NIH sojourn might result in status change

Eleven National Institutes of Health officials arrived at the University on Tuesday to determine whether to remove an NIH-imposed sanction that limited researchers' autonomy. The NIH committee will
By
  • Craig Gustafson
October 13, 1999

Eleven National Institutes of Health officials arrived at the University on Tuesday to determine whether to remove an NIH-imposed sanction that limited researchers' autonomy.
The NIH committee will interview 75 University administrators and researchers about a new grants management system and other research initiatives. The system is part of an agreement between the University and the NIH to better manage and administer its grants.
"We hope (this NIH visit) will be the final site visit before exceptional status is removed from the University," said Frank Cerra, senior vice president for health sciences in the Academic Health Center, in a memo written to colleagues Tuesday.
The University was deemed an "exceptional organization," a type of NIH probation, in October 1995.
The sanction followed misappropriation of funds involving the anti-organ rejection drug ALG. Dr. John Najarian, then-chairman of the Medical School's surgery department, resigned from the University following the scandal. He was later acquitted of criminal wrongdoing.
But the Food and Drug Administration found numerous University violations of program regulations. The FDA found that the University garnered more than $80 million in sales from ALG between 1969 and 1992.
Mismanagement of NIH grants was also discovered, prompting the organization to tag the Medical School with exceptional status.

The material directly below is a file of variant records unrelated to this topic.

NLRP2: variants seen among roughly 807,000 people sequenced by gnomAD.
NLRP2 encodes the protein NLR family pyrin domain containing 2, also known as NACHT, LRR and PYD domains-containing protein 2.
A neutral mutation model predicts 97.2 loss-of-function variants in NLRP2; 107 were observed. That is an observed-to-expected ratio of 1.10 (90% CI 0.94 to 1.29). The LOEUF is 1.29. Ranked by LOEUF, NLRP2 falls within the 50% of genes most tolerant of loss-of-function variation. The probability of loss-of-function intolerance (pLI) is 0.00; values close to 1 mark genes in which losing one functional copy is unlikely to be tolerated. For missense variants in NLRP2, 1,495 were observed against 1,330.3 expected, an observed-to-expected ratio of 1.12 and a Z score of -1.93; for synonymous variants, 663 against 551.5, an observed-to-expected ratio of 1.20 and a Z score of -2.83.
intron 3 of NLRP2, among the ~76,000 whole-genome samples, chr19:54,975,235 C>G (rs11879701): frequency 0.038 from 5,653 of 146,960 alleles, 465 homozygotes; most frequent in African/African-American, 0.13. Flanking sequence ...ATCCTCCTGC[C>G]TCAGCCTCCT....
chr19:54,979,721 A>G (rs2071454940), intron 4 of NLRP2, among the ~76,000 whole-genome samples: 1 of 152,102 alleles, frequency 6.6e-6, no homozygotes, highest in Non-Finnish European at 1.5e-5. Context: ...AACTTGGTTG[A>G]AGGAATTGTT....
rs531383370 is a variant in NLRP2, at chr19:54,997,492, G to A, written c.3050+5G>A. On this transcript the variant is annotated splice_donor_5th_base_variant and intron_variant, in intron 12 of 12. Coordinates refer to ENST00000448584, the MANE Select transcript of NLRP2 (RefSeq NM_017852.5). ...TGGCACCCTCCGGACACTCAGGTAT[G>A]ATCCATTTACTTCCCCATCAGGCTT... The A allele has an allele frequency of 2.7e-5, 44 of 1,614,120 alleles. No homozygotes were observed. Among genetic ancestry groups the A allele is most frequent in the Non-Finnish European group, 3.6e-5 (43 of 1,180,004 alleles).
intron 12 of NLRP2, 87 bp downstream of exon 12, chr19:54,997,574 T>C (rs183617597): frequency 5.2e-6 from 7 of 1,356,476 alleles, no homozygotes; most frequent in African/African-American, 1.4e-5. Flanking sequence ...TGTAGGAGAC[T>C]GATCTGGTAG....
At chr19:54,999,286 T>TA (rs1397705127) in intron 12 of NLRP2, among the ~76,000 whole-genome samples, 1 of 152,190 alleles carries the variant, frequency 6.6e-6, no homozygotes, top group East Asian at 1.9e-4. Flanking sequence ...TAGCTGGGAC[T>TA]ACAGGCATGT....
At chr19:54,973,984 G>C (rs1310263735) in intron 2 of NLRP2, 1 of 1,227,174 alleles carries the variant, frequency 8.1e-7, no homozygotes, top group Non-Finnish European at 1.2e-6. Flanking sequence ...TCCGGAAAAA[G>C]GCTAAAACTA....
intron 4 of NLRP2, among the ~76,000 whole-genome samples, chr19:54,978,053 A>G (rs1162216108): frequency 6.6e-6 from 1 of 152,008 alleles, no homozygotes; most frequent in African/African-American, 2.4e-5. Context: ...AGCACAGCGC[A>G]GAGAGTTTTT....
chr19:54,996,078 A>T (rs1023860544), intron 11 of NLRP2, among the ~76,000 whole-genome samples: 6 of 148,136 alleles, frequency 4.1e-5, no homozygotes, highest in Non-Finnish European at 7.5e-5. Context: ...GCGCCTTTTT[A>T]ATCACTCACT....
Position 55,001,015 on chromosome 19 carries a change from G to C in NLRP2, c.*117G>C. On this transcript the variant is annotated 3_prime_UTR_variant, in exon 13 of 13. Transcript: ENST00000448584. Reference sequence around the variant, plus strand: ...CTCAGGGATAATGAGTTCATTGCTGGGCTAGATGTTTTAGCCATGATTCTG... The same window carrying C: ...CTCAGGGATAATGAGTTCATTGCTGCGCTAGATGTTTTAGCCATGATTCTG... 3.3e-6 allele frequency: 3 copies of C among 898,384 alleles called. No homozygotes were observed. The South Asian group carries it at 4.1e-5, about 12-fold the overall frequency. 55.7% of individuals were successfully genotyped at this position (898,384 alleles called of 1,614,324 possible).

Exceptional status is given to organizations after evidence of poor business-management practices surfaces. Once an organization has been identified as exceptional, the NIH closely monitors and assists in the management of all grants. Researchers in exceptional organizations also have less control over their grants.
The University created the Electronic Grants Management System to convince NIH officials to remove the status. The system allows researchers and administrators to apply for and manage grants over the Internet. The University is the first major institution to establish electronic grant applications.
Christine Maziar, vice president of research and dean of the Graduate School, said she expected NIH officials to be impressed with the seriousness with which the University has dealt with their exceptional status.
The Office of Oversight Analysis and Reporting was created in December 1998 to monitor a variety of electronic oversight reports that identify unusual activity. Officials said the purpose of the office is to responsibly monitor the University's overall compliance with policy and regulation with respect to research grants.
University officials are adamant that recent transgressions will not prevent the removal of exceptional status.
Last June, the University reimbursed the NIH for $11,000 in grants that were awarded to Dr. Keith Kajander. The doctor died of a cocaine overdose on April 28. Before his death, he had led a team of researchers using cocaine and morphine to study pain research.
Although there was no proof that Kajander had misused the research cocaine, University officials still decided to reimburse the grant.
During a seven-month investigation of the Biomedical Engineering Institute, University auditors uncovered evidence of financial mismanagement that some felt could threaten the University's already-shaky standing with the NIH.
The University announced it would expand the investigation in September, one day after The Minnesota Daily broke a story about the mismanagement and what some sources called a University cover-up.
NIH officials will be visiting the University through Friday. They will conduct one-on-one interviews with University researchers and administrators from 7:30 a.m. until 6 p.m. each day. The discussions are not open to the public.
University officials said they did not know when a final decision on the exceptional status would be announced but said the blemish of exceptional status is unacceptable.
"We think it's important that the University of Minnesota be recognized as an institution that manages its research enterprise full of integrity," Maziar said.

Craig Gustafson covers the Medical School and welcomes comments at cgustafson@daily.umn.edu. He can also be reached at (612) 627-4070 x3233.

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